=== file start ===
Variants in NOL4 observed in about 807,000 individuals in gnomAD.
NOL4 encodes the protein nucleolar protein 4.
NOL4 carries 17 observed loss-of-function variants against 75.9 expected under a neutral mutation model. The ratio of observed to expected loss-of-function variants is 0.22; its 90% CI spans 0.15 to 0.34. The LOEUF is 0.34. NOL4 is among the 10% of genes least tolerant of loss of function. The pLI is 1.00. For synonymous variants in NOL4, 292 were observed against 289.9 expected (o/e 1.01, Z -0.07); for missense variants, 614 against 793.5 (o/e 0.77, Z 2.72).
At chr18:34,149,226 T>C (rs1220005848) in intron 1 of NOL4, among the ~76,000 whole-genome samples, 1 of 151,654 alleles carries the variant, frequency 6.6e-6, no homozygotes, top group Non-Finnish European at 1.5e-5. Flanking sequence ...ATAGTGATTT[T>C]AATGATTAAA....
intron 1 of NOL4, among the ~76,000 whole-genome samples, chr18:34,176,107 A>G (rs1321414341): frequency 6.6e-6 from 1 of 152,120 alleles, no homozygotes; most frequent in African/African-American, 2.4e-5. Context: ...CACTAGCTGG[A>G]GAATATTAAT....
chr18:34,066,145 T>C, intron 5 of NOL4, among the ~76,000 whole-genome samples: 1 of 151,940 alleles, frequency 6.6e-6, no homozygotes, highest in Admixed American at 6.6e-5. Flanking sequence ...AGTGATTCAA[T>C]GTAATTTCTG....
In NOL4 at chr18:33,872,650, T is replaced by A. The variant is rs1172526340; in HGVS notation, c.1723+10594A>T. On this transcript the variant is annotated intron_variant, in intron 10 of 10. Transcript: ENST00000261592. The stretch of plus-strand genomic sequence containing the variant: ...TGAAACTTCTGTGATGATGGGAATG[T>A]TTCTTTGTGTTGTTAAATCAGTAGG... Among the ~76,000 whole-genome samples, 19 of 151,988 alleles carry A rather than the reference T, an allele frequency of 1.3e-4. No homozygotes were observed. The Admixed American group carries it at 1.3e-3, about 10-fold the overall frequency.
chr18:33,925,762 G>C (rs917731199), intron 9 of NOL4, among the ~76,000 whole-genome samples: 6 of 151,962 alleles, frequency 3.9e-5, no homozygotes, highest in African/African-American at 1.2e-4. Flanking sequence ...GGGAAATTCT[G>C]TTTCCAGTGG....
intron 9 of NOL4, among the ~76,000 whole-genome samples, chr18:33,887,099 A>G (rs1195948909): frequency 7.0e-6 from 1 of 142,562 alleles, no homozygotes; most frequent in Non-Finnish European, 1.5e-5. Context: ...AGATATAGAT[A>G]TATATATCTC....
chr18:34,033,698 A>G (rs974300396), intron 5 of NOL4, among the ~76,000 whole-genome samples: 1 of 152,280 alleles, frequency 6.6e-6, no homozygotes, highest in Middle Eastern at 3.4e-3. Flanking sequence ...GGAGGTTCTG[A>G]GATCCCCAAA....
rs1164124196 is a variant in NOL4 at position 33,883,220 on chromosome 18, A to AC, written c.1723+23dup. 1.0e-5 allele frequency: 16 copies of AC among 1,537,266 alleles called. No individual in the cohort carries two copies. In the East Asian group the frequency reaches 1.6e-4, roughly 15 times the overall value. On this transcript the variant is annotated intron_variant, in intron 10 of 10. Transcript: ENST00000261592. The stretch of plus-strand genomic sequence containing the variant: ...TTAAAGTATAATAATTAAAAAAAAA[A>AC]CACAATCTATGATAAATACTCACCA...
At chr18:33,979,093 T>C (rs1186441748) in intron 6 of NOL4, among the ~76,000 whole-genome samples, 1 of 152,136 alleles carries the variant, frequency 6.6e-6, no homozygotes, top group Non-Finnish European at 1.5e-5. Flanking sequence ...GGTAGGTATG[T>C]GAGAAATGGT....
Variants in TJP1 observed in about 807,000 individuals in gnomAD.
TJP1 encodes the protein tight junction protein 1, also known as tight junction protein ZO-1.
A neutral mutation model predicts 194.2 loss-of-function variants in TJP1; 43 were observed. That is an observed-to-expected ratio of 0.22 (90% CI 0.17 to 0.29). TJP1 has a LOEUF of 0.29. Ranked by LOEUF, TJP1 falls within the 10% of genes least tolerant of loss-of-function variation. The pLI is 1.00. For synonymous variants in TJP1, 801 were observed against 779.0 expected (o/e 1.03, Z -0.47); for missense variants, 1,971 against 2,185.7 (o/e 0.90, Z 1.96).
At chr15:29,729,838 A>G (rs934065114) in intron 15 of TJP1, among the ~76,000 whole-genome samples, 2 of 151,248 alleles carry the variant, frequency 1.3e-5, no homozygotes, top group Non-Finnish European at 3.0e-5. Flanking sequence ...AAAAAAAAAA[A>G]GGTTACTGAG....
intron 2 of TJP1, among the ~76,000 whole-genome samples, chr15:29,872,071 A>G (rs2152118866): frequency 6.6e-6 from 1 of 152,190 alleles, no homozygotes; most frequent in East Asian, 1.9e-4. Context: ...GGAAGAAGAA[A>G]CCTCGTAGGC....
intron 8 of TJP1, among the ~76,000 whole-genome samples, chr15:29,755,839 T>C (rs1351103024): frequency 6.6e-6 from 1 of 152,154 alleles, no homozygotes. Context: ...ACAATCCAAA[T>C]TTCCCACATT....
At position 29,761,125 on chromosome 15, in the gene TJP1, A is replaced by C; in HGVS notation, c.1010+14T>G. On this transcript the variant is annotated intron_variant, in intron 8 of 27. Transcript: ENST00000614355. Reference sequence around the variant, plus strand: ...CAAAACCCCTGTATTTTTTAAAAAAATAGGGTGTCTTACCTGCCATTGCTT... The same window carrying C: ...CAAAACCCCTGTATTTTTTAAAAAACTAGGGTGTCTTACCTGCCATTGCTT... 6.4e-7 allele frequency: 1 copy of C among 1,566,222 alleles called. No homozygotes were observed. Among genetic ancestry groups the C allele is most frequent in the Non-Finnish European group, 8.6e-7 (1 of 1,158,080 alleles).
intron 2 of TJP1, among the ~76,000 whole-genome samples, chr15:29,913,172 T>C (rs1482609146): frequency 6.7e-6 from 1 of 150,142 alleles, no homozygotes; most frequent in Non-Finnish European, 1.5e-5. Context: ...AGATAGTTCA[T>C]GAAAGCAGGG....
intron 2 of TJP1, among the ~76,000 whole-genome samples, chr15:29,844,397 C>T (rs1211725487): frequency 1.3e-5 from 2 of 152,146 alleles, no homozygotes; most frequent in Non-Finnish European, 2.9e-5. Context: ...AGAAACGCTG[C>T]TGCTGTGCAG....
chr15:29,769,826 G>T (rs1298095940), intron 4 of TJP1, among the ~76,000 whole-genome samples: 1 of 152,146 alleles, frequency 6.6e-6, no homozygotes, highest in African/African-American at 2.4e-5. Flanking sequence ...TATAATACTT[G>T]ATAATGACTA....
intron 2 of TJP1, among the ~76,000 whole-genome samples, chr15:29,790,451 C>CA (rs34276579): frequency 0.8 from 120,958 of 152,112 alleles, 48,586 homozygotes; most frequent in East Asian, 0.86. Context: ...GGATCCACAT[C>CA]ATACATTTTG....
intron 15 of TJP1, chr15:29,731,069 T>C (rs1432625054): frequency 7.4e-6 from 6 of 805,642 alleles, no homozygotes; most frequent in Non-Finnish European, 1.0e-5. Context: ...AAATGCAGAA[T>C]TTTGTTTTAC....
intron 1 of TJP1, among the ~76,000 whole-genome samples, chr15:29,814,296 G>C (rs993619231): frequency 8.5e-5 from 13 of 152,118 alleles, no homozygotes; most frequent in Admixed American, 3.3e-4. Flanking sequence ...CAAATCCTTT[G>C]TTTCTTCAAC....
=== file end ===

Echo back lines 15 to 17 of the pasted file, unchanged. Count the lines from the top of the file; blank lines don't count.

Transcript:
A neutral mutation model predicts 194.2 loss-of-function variants in TJP1; 43 were observed. That is an observed-to-expected ratio of 0.22 (90% CI 0.17 to 0.29). TJP1 has a LOEUF of 0.29. Ranked by LOEUF, TJP1 falls within the 10% of genes least tolerant of loss-of-function variation. The pLI is 1.00. For synonymous variants in TJP1, 801 were observed against 779.0 expected (o/e 1.03, Z -0.47); for missense variants, 1,971 against 2,185.7 (o/e 0.90, Z 1.96).
At chr15:29,729,838 A>G (rs934065114) in intron 15 of TJP1, among the ~76,000 whole-genome samples, 2 of 151,248 alleles carry the variant, frequency 1.3e-5, no homozygotes, top group Non-Finnish European at 3.0e-5. Flanking sequence ...AAAAAAAAAA[A>G]GGTTACTGAG....
intron 2 of TJP1, among the ~76,000 whole-genome samples, chr15:29,872,071 A>G (rs2152118866): frequency 6.6e-6 from 1 of 152,190 alleles, no homozygotes; most frequent in East Asian, 1.9e-4. Context: ...GGAAGAAGAA[A>G]CCTCGTAGGC....